The YWCA Transitional Housing Program provides financial assistance for housing and comprehensive housing case management services to single parent women and their children who are experiencing homelessness.
The Transitional Housing Program provides six women and their children with the opportunity to live in their own apartment for up to two years while actively pursuing self-identified and mutually agreed upon goals.
The women work closely with a case manager on a weekly basis and attend bi-weekly support groups with other women and children in the program.
Transitional Housing Support Groups offer participants opportunities for educational and enriching experiences while promoting positive peer support, collective sharing, and an increased sense of community.
The YWCA Transitional Housing Program Empowers Women to:
- Obtain and remain in permanent housing
- Increase their job training skills and/or income
- Achieve greater self-determination and self-sufficiency
Who is Eligible? (must meet all of the below requirements)
- Women who are 18 years of age
- Must have children under the age of 18
- Must be homeless as defined by HUD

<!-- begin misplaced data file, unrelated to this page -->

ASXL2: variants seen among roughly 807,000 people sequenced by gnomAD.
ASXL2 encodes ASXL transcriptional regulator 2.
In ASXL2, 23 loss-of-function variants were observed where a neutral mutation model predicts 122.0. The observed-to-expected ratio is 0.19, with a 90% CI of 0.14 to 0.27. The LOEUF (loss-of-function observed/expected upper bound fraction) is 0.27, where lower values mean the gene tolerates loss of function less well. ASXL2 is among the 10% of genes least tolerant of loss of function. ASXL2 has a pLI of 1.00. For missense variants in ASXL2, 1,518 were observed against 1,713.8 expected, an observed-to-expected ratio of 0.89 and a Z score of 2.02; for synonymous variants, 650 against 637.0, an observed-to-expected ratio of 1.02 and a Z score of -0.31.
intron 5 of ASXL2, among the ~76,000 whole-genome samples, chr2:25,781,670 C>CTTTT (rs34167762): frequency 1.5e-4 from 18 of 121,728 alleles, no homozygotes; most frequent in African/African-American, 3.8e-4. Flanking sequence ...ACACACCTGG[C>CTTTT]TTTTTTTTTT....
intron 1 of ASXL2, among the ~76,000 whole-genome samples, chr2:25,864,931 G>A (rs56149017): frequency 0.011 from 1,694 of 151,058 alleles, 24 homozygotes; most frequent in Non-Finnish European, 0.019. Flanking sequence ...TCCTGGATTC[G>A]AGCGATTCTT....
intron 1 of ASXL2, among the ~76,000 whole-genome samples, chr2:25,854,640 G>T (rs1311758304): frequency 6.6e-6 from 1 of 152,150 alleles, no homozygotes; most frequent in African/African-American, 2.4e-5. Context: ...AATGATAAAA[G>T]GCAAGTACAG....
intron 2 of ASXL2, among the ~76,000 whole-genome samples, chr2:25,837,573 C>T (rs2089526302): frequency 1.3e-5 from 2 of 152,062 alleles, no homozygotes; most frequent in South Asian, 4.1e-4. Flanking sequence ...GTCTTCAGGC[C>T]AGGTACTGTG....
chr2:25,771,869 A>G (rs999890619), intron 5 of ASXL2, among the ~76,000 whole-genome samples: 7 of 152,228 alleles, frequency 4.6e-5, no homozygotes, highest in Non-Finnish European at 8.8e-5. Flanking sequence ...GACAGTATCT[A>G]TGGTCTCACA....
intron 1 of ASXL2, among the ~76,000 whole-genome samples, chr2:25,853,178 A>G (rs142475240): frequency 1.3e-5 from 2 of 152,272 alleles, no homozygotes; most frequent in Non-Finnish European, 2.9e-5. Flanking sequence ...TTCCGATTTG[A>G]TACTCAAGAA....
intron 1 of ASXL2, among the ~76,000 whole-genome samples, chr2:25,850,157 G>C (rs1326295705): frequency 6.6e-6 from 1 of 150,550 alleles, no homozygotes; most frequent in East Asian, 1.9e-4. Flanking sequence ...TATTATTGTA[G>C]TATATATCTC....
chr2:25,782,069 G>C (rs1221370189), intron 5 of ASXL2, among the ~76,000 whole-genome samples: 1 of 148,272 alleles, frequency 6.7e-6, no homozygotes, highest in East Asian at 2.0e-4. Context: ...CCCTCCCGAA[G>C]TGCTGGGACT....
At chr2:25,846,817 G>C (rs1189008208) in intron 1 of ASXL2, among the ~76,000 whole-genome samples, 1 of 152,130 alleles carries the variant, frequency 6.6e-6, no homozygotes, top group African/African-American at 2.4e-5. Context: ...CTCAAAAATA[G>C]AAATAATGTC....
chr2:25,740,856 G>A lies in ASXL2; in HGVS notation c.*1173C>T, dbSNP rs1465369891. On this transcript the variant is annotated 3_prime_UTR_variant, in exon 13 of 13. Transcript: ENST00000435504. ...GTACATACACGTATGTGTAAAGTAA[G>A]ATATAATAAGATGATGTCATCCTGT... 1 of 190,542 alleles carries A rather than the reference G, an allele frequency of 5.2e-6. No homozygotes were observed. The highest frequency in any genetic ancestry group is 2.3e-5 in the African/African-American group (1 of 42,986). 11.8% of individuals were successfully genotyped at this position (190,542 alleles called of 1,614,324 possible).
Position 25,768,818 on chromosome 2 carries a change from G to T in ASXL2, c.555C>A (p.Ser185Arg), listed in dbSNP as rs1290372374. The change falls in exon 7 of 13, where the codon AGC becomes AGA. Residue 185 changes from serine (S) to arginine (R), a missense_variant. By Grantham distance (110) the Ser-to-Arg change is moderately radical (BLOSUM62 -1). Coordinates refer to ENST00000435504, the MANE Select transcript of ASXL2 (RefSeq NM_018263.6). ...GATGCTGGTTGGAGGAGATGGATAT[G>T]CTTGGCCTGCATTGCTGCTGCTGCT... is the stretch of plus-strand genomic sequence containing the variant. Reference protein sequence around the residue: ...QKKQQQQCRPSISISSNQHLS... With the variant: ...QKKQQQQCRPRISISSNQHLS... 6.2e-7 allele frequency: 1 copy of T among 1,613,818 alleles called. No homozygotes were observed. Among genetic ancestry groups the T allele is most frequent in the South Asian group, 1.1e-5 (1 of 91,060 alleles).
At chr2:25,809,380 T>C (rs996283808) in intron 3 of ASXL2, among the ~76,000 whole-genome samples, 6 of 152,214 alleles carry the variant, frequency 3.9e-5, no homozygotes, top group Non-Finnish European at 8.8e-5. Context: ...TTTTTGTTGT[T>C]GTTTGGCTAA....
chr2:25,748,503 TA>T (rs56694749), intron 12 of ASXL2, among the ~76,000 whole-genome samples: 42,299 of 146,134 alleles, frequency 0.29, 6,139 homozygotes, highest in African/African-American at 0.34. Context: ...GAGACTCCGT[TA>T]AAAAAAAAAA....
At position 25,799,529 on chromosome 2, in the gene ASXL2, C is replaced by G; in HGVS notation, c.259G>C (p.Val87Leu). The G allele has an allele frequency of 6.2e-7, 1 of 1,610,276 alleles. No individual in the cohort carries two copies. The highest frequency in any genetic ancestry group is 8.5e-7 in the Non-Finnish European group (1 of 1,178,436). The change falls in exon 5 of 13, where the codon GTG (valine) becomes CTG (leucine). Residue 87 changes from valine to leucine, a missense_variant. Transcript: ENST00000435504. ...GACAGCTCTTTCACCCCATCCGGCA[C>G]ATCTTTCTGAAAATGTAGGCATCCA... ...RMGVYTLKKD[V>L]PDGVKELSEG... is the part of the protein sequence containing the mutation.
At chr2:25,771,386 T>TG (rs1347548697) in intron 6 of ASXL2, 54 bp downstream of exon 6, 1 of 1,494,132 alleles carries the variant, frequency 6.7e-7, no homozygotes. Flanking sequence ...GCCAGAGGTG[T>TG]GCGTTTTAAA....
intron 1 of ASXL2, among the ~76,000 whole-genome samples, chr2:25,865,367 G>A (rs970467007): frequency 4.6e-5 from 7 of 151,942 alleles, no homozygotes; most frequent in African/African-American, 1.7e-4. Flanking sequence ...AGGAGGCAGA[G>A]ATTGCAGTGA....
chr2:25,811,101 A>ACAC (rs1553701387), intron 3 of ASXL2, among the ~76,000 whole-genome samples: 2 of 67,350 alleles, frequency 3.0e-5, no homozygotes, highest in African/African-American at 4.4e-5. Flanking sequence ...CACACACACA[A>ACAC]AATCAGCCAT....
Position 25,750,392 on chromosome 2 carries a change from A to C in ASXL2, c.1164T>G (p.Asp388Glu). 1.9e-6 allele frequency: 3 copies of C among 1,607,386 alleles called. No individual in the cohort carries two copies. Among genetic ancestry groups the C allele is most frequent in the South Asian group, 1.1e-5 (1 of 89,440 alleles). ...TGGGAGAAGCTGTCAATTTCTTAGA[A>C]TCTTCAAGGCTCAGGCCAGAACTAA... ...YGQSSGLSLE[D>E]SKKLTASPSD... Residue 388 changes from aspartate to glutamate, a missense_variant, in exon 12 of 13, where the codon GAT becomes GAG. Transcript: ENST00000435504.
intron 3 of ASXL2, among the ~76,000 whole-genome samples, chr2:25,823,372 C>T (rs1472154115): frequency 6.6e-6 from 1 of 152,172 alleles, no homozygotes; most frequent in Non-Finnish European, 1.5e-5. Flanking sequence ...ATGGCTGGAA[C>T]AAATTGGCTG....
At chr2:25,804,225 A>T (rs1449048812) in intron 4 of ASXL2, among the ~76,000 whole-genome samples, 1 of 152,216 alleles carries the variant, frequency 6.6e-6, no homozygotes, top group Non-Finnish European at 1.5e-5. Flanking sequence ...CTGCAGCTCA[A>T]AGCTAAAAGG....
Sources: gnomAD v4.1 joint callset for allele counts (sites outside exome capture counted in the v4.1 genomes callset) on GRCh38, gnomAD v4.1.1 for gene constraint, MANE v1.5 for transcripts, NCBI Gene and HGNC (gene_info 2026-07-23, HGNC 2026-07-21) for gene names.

Women who are committed to improving their living situation, income and/or skills, and achieving greater self-determination.
Who is considered homeless?
(As defined by the United States Code (Title 42, Chapter 119, 1))
For purposes of this chapter, the term "homeless" or "homeless individual or homeless person" includes:
- An individual who lacks a fixed, regular, and adequate nighttime residence; and
- An individual who has a primary nighttime residence that is:
- a supervised publicly or privately operated shelter designed to provide temporary living accommodations (including welfare hotels, congregate shelters, and transitional housing for the mentally ill);
- an institution that provides a temporary residence for individuals intended to be institutionalized; or
- a public or private place not designed for, or ordinarily used as, a regular sleeping accommodation for human beings.
The HEARTH Act expands the definition of "homeless", "homeless individual", and "homeless person."
The definition of "homeless" now includes:
- people who resided in a shelter or place not meant for human habitation and who are exiting an institution where he or she temporarily resided;
- people who are losing their housing in 14 days and lack support networks or resources to obtain housing,
- people who have moved from place to place and are likely to continue to do so because of disability or other barriers, and
- people who are victims of domestic violence and sexual assault.